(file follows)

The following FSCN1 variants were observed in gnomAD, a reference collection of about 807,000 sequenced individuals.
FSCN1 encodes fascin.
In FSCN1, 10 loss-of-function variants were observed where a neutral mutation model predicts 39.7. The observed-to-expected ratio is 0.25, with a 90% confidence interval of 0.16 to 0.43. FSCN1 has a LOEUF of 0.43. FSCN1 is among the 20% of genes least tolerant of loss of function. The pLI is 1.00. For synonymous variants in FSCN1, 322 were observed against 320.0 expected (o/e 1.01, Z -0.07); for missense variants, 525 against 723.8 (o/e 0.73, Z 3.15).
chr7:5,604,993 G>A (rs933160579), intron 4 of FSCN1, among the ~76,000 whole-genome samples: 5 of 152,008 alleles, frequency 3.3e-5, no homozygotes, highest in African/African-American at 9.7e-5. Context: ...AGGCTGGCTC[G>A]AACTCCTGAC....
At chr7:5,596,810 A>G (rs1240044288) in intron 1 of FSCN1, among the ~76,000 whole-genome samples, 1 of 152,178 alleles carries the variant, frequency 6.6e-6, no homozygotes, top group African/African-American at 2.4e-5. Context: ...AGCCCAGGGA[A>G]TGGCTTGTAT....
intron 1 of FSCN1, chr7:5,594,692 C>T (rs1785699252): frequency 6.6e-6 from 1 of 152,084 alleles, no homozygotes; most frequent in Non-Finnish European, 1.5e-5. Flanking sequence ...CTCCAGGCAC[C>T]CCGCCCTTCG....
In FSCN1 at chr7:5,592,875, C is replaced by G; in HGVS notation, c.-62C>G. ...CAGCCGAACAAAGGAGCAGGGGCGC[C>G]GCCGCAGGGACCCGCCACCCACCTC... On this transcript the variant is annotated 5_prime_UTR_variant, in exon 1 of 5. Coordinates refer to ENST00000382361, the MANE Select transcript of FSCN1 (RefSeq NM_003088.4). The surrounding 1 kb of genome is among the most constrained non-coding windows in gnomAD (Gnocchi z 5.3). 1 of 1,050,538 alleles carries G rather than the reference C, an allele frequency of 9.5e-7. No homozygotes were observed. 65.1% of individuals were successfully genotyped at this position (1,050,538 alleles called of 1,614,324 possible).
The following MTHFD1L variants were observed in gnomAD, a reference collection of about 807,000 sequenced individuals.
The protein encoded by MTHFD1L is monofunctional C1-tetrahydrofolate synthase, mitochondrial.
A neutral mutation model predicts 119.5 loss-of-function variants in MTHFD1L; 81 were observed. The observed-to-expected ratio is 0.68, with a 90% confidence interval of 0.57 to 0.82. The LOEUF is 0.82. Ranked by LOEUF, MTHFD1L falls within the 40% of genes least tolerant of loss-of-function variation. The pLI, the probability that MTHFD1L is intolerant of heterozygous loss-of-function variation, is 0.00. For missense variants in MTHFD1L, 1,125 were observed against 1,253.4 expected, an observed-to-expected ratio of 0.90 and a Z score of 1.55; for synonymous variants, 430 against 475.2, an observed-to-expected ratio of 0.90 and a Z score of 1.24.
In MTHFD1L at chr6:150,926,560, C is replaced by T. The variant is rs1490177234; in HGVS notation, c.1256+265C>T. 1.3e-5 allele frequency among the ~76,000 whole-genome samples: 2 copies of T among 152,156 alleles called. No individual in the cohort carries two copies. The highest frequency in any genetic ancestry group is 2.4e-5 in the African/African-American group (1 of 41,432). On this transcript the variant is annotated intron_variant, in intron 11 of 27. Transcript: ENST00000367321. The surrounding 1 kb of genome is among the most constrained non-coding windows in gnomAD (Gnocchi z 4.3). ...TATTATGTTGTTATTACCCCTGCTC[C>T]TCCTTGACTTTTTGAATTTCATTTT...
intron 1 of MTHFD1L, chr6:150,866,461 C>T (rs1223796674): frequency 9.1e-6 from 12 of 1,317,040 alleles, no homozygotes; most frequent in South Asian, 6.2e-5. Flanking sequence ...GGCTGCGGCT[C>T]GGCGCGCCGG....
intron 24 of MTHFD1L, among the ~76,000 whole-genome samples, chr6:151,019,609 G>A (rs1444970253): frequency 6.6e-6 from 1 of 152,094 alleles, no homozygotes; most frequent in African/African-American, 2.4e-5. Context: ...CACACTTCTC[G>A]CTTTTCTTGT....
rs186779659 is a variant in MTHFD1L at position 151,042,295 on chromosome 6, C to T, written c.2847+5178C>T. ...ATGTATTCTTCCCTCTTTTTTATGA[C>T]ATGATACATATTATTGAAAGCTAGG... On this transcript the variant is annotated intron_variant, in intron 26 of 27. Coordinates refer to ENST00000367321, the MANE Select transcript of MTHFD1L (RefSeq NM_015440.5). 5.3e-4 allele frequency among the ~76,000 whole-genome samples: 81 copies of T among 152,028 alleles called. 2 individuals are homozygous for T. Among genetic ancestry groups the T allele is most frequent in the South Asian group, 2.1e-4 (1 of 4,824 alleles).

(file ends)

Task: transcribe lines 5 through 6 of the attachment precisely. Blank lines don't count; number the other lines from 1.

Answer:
At chr7:5,596,810 A>G (rs1240044288) in intron 1 of FSCN1, among the ~76,000 whole-genome samples, 1 of 152,178 alleles carries the variant, frequency 6.6e-6, no homozygotes, top group African/African-American at 2.4e-5. Context: ...AGCCCAGGGA[A>G]TGGCTTGTAT....
intron 1 of FSCN1, chr7:5,594,692 C>T (rs1785699252): frequency 6.6e-6 from 1 of 152,084 alleles, no homozygotes; most frequent in Non-Finnish European, 1.5e-5. Flanking sequence ...CTCCAGGCAC[C>T]CCGCCCTTCG....